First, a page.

|Cisco Stock Is Rebounding After Earnings. Why There's Still Work To Do. -- Barrons.com|
3:40 PM ET 11/13/20
|4:00 PM ET 11/13/20|
|Real time quote.|
By Eric J. Savitz
At least for now, Cisco Systems is out of the investment doghouse.
On Thursday, the networking giant posted better-than-expected results for the fiscal first quarter ended Oct. 24 and the company's guidance for the January quarter was a little better than the Street had been anticipating. As Cisco (ticker: CSCO) CEO Chuck Robbins said in an interview with Barron's , the numbers may not have looked great mathematically, but they were "better than we thought."
Cisco posted revenue for the quarter of $11.9 billion, down 9% year over year, which was at the high end of the company's guidance range. Non-GAAP profits of 76 cents a share exceeded the company's target range of 69 to 71 cents. Cisco projects January quarter revenues will be flat to down 2%, with non-GAAP earnings per share of 74 to 76 cents. That's above the old Wall Street analyst consensus, which had called for a 3% decline in revenue, and non-GAAP profits of 73 cents a share.
To be sure, this was no return to the Cisco of old. Revenue from the core infrastructure platforms business was down 16%. Enterprise orders were down 15%, and orders from Asia were off 14%. But there were some positive signs beyond the top and bottom lines. The severe recent order declines from commercial customers -- basically small- and medium-size businesses -- moderated. Demand from cloud customers was strong. Security revenue was up 6% and public sector revenue was robust.
Add it up, and you get a quarter that pleased analysts, though some remain cautious about the sustainability of the rebound.
New Street Research analyst Pierre Ferragu on Friday upped his rating on Cisco shares to Buy from Neutral, setting a Street-high $60 price target. In a research note, Ferragu notes that the company is exposed to legacy and on-premise IT spending, "which has made 2020 a difficult year." But he says the revenue decline has troughed, with January quarter revenues likely flat sequentially and down just 1% at the midpoint of the guidance range year over year.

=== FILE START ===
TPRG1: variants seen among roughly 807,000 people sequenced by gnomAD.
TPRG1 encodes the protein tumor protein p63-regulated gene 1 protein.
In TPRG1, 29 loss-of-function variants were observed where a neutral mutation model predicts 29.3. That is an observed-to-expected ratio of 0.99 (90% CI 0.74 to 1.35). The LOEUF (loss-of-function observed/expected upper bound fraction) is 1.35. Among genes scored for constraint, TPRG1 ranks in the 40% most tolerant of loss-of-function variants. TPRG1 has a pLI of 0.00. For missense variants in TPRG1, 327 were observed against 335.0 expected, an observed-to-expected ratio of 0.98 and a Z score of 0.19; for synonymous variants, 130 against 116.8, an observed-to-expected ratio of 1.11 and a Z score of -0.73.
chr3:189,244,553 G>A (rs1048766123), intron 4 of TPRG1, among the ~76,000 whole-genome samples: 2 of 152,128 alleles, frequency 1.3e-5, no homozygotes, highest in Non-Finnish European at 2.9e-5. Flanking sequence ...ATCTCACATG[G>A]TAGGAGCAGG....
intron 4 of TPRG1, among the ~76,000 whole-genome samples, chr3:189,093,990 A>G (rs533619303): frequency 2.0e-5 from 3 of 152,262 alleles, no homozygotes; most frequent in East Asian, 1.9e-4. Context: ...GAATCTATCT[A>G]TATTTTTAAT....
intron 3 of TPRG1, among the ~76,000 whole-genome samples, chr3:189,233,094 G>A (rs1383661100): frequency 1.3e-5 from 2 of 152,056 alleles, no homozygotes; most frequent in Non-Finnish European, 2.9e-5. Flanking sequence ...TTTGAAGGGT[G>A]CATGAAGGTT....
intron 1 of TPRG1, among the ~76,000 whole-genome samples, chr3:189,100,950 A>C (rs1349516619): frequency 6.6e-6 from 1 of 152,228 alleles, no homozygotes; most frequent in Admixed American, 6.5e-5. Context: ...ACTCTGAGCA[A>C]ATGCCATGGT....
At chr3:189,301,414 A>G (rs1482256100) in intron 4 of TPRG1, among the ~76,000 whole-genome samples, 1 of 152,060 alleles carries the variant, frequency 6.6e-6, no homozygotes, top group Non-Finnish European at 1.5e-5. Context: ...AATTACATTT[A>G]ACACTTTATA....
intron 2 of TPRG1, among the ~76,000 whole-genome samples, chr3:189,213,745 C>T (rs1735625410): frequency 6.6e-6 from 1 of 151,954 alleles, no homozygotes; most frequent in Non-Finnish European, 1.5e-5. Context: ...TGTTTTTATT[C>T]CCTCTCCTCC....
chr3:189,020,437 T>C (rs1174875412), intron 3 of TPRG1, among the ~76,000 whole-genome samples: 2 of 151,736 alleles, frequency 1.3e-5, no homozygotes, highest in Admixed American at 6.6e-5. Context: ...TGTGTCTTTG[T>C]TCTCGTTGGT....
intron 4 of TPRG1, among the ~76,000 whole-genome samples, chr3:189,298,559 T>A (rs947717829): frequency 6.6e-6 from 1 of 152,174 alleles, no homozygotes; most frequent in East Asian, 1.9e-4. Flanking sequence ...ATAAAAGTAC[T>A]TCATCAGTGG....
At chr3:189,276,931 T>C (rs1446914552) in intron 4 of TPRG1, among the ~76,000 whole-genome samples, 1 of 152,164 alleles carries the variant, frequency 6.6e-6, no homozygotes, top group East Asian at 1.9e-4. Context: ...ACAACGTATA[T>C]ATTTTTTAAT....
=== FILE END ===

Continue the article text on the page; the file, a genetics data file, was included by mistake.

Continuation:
"This to us is the beginning of a recovery in IT spending," Ferragu writes. "In our conversations with Fortune 500 companies and industry executives, we see reasons to expect a quick recovery in 2021. In 2020, spending was front-loaded and directed toward emergency responses to Covid and work from home, which led to a very weak second half, but 2021 IT budgets are unlikely to get cut, as in-depth transformation projects have only been postponed."
Evercore ISI analyst Amit Daryananai writes that "this one goes out to all the haters ... reduced uncertainty, improving revenue trajectory, and easy compares make Cisco an attractive large-cap asset to own especially for value investors." He keeps his Outperform rating and $54 target.
Barclays analyst Tim Long likewise writes that "both tone and visibility has improved since last quarter, and we believe CSCO has room to run in the post-pandemic recovery." He keeps his Overweight rating and $50 target.
And RBC Capital's Robert Muller writes that "with long-duration secular tailwinds intact, steady market leading positions, and favorable valuation ... we continue to view the long-term CSCO story favorably." He keeps his Outperform rating, and inches up his target to $49, from $48.
Other analysts saw the quarter as a step in the right direction, but want to see more evidence before jumping aboard.
William Blair analyst Jason Ader keeps his Market Perform rating. "We contend that pandemic or no pandemic, Cisco's business is not yet out of the woods, with the long-term structural pressures ... remaining in place," he writes in a research note. "While Cisco has been attempting to pivot its business toward a greater mix of software and recurring revenue, we believe the pandemic has spotlighted the firm's product deficiencies (especially in the cloud), nonstrategic assets (e.g., Cisco's compute portfolio), and competitive challenges (best-of-breed competition chipping away in multiple product areas)."
Ader adds that "without a bolder approach to addressing its strategic shortcomings in a rapidly changing technology landscape, we think that like IBM (pre-Red Hat), Cisco's growth rate will continue to languish and its relevance with CIOs could continue to erode."
Needham's Alex Henderson remains a skeptic, and keeps his Hold rating. "Cisco sounded much more upbeat on the call and all we can do is assume it is in the pipeline activity," he writes. "The numbers reported don't show much cause for optimism. Cisco reported a year-over-year decline in revenues of 9% on a steep decline of 13.1% in product revenues against a decline in the year-ago period....We consider Cisco fairly valued."
Citi's Jim Suva keeps his Neutral rating, though he inches up his target to $45, from $43. "We were impressed with the company's outlook as well as a clear change in tone that went from last quarter's cautious comments of not much improvement to current quarter comments of a more stable and improving demand environment," he writes in a research note Friday. But he adds that he still has some concerns, in particular the 5% drop in overall orders, and the sharp 15% decline in enterprise orders, which deteriorated from down 7% in the July quarter.